This Australian frog has a secret weapon: a large, liquid-filled poison sac on the back of its head is filled with a bitter-tasting fluid that it uses to deter predators. It is the largest poison gland on any Australian amphibian. Defensive measures are necessary because small amphibians, like this frog, are on the menu of almost every predator in Australia, including larger amphibians, reptiles, birds, and mammals. The poison is not toxic to humans.
Like all tree frogs, the magnificent tree frog has long legs and extra muscles for climbing, however, it rarely spends time in trees. Instead, it uses large toe pads and a claw-shaped last digit to scale caves and rock crevices. A nocturnal lifestyle helps protect the frog from drying out. During the day magnificent tree frogs are commonly found near showers, toilets, drainpipes, ponds, and even in mailboxes looking for a cool, moist place to rest. During the rainy season, these frogs are often found on windowsills hoping to ambush insects attracted to the light at night.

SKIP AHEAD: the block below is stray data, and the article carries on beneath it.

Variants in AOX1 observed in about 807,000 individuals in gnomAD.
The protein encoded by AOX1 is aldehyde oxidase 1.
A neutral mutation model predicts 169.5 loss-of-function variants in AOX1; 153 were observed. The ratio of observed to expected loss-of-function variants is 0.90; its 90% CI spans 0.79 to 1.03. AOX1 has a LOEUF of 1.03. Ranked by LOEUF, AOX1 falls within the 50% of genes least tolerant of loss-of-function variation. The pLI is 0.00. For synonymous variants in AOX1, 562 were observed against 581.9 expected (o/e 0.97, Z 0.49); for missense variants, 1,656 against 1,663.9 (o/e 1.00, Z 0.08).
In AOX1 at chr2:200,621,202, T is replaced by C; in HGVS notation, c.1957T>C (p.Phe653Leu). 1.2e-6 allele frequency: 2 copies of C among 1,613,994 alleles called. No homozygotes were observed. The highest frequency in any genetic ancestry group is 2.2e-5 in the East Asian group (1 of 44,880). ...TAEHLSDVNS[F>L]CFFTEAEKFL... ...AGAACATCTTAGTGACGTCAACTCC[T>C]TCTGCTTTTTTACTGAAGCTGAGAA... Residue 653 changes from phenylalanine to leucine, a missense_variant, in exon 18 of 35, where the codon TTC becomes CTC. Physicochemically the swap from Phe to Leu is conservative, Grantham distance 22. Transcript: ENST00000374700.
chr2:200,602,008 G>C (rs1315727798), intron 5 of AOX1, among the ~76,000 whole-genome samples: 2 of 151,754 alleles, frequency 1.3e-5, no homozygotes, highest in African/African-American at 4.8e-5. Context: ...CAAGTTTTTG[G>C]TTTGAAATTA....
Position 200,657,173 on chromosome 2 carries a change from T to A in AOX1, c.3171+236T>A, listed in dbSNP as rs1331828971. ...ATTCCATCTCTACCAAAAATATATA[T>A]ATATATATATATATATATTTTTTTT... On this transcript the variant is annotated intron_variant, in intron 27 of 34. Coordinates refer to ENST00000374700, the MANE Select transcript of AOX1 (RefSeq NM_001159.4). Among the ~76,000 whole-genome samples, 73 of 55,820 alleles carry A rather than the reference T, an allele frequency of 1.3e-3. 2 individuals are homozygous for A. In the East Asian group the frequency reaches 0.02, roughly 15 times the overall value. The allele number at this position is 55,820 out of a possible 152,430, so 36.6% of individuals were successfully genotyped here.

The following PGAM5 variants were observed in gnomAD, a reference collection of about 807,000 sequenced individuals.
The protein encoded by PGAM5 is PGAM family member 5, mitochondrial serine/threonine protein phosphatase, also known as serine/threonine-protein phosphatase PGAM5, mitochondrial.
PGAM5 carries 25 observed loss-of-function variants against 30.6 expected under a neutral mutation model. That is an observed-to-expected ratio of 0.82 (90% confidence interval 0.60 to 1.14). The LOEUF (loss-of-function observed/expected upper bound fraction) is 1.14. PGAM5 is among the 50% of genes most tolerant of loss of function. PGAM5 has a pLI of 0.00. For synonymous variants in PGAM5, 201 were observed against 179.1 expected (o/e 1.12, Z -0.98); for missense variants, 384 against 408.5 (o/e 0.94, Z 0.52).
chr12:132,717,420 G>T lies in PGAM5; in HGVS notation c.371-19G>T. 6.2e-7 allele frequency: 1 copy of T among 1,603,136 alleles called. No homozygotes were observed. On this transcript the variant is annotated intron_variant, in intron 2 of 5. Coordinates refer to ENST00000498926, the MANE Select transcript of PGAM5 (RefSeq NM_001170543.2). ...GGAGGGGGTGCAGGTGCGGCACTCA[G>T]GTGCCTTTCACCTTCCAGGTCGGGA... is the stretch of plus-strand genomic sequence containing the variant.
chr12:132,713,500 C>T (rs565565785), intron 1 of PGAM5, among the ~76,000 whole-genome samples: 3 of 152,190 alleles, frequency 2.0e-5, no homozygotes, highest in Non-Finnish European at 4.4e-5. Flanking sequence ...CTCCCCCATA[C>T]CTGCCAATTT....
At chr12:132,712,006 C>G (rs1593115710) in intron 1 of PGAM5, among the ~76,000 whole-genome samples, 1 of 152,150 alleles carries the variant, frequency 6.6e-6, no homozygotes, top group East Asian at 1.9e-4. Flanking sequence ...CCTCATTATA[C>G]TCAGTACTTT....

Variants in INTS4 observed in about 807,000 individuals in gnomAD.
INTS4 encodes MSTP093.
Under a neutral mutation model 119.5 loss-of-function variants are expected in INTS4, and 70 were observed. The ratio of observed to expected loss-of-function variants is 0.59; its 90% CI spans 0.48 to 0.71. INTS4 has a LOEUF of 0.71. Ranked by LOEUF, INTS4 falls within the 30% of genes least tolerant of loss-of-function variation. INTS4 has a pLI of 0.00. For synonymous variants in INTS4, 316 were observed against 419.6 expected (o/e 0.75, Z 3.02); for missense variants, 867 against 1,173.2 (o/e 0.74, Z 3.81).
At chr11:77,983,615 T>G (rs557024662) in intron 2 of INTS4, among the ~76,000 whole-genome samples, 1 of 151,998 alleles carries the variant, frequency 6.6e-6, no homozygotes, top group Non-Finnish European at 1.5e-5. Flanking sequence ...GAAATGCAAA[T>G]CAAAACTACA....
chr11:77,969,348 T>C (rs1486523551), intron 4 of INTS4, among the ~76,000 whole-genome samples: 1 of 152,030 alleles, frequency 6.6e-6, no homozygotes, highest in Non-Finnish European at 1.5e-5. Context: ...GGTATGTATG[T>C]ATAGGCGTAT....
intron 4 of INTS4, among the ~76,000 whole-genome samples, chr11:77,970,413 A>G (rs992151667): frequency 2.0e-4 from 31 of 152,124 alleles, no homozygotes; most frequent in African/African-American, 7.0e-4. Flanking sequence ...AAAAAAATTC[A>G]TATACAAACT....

Magnificent tree frogs live on the northwestern coast of Australia and are typically found on rocks and in crevices and caves.
This frog’s carnivorous diet includes insects, earthworms, spiders, and small lizards.
Just four inches long, this frog’s cryptic coloration ranges from olive to bright green with white-yellow spots on the back. The undersides of the feet and legs are bright yellow. Females are slightly larger than males.